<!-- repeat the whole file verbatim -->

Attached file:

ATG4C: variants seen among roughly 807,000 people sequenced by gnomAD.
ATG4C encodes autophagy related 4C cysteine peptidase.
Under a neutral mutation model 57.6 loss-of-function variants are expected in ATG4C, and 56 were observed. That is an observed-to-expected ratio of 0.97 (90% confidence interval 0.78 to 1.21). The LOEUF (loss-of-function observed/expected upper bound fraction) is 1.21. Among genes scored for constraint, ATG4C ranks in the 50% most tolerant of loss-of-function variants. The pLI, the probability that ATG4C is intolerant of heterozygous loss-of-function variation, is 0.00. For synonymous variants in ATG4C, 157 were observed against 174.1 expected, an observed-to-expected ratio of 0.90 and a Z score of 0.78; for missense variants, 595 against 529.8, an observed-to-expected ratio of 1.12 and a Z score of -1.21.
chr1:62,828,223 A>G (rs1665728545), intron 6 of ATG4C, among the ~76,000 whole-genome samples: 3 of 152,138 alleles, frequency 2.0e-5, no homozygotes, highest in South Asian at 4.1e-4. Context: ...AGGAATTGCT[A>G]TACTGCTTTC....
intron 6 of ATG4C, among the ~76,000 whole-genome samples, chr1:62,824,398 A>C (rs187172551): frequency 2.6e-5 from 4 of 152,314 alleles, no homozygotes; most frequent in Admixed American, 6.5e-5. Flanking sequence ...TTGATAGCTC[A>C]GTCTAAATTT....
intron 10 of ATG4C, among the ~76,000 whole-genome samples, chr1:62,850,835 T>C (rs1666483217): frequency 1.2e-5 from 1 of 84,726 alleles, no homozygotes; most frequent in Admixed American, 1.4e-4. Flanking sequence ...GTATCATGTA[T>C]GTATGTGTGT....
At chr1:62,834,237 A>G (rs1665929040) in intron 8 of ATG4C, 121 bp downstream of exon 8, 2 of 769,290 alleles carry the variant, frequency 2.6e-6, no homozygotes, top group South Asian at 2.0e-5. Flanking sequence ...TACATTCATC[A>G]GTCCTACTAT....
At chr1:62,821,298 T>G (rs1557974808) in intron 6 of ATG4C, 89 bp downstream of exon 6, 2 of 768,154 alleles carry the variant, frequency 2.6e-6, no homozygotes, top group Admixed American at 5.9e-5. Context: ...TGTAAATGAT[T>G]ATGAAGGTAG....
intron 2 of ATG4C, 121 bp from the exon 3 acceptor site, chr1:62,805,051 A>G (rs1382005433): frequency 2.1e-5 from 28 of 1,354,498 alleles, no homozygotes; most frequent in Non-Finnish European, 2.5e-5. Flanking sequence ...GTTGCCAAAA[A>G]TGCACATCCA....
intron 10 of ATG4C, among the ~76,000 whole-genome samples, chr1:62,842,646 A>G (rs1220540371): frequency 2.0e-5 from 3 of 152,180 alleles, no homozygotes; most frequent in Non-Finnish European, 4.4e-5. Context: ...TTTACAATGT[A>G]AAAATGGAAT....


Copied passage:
ATG4C: variants seen among roughly 807,000 people sequenced by gnomAD.
ATG4C encodes autophagy related 4C cysteine peptidase.
Under a neutral mutation model 57.6 loss-of-function variants are expected in ATG4C, and 56 were observed. That is an observed-to-expected ratio of 0.97 (90% confidence interval 0.78 to 1.21). The LOEUF (loss-of-function observed/expected upper bound fraction) is 1.21. Among genes scored for constraint, ATG4C ranks in the 50% most tolerant of loss-of-function variants. The pLI, the probability that ATG4C is intolerant of heterozygous loss-of-function variation, is 0.00. For synonymous variants in ATG4C, 157 were observed against 174.1 expected, an observed-to-expected ratio of 0.90 and a Z score of 0.78; for missense variants, 595 against 529.8, an observed-to-expected ratio of 1.12 and a Z score of -1.21.
chr1:62,828,223 A>G (rs1665728545), intron 6 of ATG4C, among the ~76,000 whole-genome samples: 3 of 152,138 alleles, frequency 2.0e-5, no homozygotes, highest in South Asian at 4.1e-4. Context: ...AGGAATTGCT[A>G]TACTGCTTTC....
intron 6 of ATG4C, among the ~76,000 whole-genome samples, chr1:62,824,398 A>C (rs187172551): frequency 2.6e-5 from 4 of 152,314 alleles, no homozygotes; most frequent in Admixed American, 6.5e-5. Flanking sequence ...TTGATAGCTC[A>C]GTCTAAATTT....
intron 10 of ATG4C, among the ~76,000 whole-genome samples, chr1:62,850,835 T>C (rs1666483217): frequency 1.2e-5 from 1 of 84,726 alleles, no homozygotes; most frequent in Admixed American, 1.4e-4. Flanking sequence ...GTATCATGTA[T>C]GTATGTGTGT....
At chr1:62,834,237 A>G (rs1665929040) in intron 8 of ATG4C, 121 bp downstream of exon 8, 2 of 769,290 alleles carry the variant, frequency 2.6e-6, no homozygotes, top group South Asian at 2.0e-5. Flanking sequence ...TACATTCATC[A>G]GTCCTACTAT....
At chr1:62,821,298 T>G (rs1557974808) in intron 6 of ATG4C, 89 bp downstream of exon 6, 2 of 768,154 alleles carry the variant, frequency 2.6e-6, no homozygotes, top group Admixed American at 5.9e-5. Context: ...TGTAAATGAT[T>G]ATGAAGGTAG....
intron 2 of ATG4C, 121 bp from the exon 3 acceptor site, chr1:62,805,051 A>G (rs1382005433): frequency 2.1e-5 from 28 of 1,354,498 alleles, no homozygotes; most frequent in Non-Finnish European, 2.5e-5. Flanking sequence ...GTTGCCAAAA[A>G]TGCACATCCA....
intron 10 of ATG4C, among the ~76,000 whole-genome samples, chr1:62,842,646 A>G (rs1220540371): frequency 2.0e-5 from 3 of 152,180 alleles, no homozygotes; most frequent in Non-Finnish European, 4.4e-5. Context: ...TTTACAATGT[A>G]AAAATGGAAT....